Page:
A Message from the Convener of Affirmation Scotland
Has the Summer passed already? It was a disappointing summer if you wanted to enjoy barbecues in the garden or walks in the evening sun. I managed a cycle ride for a week accompanied by a couple of torrential down pours and much grey sky – at least the midges were kept at bay. It was heartening to know, however, that if any of the bed and breakfast or guest house owners had objected to custom from gay guests the law was on our side: we are making progress towards a society in which there is equality. At some point in the future the church will catch up. Here’s a story from south of the border which illustrates this: (taken from the website of The Lesbian and Gay Christian Movement.)
Stonewall is celebrating an employment tribunal decision in favour of John Reaney, the gay man who won his discrimination claim against the Bishop of Hereford. The case was supported and funded by Stonewall.
John Reaney was interviewed by a panel of eight people for the post of Youth Officer in the Diocese of Hereford last summer. However, a unanimous decision to appoint him was blocked by the Bishop of Hereford after a meeting in which Mr Reaney was humiliatingly cross-examined by the Bishop about his private life.
Mr Reaney is set to secure substantial compensation. In its judgement, the Tribunal said: ‘The Respondents discriminated against the Claimant on the grounds of sexual orientation. The case will now be listed for a remedy hearing.’
John Reaney said: 'I'm delighted that the Bishop of Hereford has lost this case. It demonstrates to many lesbian and gay Christians working for God within the Church of England that they are entitled to fair and respectful treatment. I'm very grateful indeed to Stonewall for their support throughout this case. I’m also grateful to my solicitor Alison Downie of Bindman & Partners and barrister Sandyha Drew for all their work.'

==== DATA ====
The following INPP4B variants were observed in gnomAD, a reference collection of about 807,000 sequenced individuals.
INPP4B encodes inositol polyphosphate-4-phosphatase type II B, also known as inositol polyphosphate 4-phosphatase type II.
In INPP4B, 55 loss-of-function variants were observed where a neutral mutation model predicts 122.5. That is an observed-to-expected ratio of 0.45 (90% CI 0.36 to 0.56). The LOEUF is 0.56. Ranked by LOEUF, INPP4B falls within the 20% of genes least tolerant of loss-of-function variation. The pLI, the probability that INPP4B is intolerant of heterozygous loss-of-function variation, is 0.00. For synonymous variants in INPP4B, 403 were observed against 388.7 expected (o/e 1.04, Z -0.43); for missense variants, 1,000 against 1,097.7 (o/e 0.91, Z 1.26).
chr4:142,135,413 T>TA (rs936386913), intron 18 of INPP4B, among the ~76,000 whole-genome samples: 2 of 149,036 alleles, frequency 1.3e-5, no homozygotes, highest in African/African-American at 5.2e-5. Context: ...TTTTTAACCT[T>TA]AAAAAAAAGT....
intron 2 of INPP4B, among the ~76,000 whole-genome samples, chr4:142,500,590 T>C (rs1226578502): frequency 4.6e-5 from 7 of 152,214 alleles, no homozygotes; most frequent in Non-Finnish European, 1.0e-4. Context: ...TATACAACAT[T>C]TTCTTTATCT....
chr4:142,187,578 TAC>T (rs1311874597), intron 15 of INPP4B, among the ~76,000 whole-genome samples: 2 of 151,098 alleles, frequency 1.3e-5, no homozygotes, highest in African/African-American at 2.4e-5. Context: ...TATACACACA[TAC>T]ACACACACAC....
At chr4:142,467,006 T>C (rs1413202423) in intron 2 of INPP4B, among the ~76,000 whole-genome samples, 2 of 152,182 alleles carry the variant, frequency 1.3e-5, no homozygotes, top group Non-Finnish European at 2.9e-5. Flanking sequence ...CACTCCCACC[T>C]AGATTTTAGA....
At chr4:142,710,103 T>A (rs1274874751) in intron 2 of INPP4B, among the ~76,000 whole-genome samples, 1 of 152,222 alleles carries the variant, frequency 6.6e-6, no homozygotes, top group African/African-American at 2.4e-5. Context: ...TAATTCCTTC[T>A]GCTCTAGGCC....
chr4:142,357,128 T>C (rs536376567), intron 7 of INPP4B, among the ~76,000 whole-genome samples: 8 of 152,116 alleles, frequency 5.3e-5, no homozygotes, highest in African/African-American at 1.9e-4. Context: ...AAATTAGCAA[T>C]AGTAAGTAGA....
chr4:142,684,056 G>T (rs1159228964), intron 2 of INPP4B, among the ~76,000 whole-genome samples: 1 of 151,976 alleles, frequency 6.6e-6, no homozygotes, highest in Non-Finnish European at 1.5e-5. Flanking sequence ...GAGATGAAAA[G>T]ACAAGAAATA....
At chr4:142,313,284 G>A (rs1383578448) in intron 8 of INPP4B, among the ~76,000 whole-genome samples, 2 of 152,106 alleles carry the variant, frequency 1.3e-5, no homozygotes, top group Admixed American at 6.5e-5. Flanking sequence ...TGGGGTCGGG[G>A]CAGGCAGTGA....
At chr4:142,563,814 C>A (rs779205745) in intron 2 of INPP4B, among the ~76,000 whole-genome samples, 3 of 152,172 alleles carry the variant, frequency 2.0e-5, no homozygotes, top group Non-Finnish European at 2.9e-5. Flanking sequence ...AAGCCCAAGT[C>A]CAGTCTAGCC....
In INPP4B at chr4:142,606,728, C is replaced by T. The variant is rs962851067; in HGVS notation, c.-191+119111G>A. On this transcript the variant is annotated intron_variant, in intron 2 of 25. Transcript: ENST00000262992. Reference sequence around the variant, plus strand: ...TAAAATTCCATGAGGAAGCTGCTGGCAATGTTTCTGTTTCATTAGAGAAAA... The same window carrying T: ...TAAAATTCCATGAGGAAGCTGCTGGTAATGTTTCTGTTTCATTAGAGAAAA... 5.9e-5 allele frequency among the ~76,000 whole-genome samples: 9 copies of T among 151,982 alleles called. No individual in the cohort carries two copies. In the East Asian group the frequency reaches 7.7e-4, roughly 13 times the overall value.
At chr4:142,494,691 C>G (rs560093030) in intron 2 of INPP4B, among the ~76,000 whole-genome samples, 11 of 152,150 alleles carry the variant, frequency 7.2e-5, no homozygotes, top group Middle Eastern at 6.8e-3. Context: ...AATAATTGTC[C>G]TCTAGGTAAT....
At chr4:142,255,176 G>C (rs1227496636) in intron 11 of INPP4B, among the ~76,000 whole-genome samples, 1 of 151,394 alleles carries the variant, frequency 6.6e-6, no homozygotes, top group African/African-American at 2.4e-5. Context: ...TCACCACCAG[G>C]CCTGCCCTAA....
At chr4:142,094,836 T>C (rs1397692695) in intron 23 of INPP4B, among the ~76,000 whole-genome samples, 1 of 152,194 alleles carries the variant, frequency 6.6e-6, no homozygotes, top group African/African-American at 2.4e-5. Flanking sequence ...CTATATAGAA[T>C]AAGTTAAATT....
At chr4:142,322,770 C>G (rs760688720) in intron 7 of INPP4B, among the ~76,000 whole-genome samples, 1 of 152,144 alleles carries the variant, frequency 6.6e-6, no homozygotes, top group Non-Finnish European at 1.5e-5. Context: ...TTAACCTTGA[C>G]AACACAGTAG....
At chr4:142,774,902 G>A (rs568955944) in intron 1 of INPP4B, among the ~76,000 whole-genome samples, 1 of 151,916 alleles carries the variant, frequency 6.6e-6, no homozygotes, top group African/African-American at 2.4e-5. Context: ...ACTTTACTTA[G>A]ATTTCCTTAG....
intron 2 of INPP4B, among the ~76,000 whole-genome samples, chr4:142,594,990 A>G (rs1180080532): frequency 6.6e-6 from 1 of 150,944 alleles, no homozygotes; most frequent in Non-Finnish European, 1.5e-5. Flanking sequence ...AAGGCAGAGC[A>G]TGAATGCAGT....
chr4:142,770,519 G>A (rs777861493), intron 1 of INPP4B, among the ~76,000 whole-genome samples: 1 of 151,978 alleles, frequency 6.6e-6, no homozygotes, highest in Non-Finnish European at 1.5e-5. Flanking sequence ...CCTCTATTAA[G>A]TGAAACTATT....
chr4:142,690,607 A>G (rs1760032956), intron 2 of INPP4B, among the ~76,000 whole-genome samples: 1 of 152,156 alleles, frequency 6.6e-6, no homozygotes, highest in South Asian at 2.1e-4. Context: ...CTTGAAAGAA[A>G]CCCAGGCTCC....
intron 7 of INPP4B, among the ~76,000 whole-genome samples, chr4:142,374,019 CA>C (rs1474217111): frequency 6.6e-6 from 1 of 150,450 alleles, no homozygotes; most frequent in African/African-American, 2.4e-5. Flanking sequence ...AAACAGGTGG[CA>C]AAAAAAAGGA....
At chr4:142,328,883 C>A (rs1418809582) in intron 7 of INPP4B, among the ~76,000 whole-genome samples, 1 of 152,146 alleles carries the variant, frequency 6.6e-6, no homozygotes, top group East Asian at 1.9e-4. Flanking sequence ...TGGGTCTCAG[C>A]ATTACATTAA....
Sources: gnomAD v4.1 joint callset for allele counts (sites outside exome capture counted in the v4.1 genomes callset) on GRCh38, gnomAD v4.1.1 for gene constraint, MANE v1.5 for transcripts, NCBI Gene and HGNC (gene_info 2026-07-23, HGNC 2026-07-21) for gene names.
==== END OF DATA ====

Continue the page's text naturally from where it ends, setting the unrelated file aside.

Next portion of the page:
Ben Summerskill, Stonewall Chief Executive, said: ‘This outcome is a triumph for 21st century decency over 19th century prejudice. We’re very happy for John. The tribunal has rightly made clear that the Church of England cannot discriminate against gay people with impunity. No one, not even a Bishop, is exempt from the law.’
Stonewall argued that a heterosexual person would not have been subject to the same level of intrusive questioning as Reaney.
‘The reason that Christians can practice their faith in this country alongside Muslims, and Protestants alongside Catholics, is precisely because modern Britain respects difference,’ said Ben Summerskill. ‘We hope this decision gives a clear signal to all employers about the importance of respecting lesbian and gay people in the workplace.’
It’s because of this sort of discrimination, and much
more which is covert and quiet, that AS exists. Lesbian and
gay Christians, their families and friends, need support. We
want to be able to pray out loud to our God as gay people.
We need to hear preaching that doesn’t make an issue out of
being a woman or being a lesbian. We hunger to share bread
with a neighbour in the pew who will not reject us because
of our sexuality or that of our child.
One of the most courageous and creative of Christian leaders in recent years has been Bishop Jack Spong of the Episcopal Church in the USA. He will be in Edinburgh soon:
Jack Spong Tour - Edinburgh
Thursday 18th October 2007
19:30 at St. Marks Church, Edinburgh
Cost: £10/£8 (PCN Members)
Keynote speaker: Jack Spong
More information: www.edinburgh-unitarians.org.uk
St Marks Church, 7 Castle Terrace, Edinburgh, EH1 2DP
This event has been organised by The Progressive Christianity Network (PCN) which has an interesting web-site and is certainly inclusive of lgbt persons www.pcnbritain.org.uk
And finally, at the end of the Summer I conducted my
first Blessing Ceremony for a Civil Partnership. You can see
the liturgy which I and the couple put together for the
event and which is on our website with their permission.
We’d be happy to post on this site any other similar
The Affirmation Scotland Convener posts these pieces anonymously in recognition of the fact that The Church of Scotland is not a safe place in which to be openly gay. Comments are welcome - use the e-mail contact on the contacts page.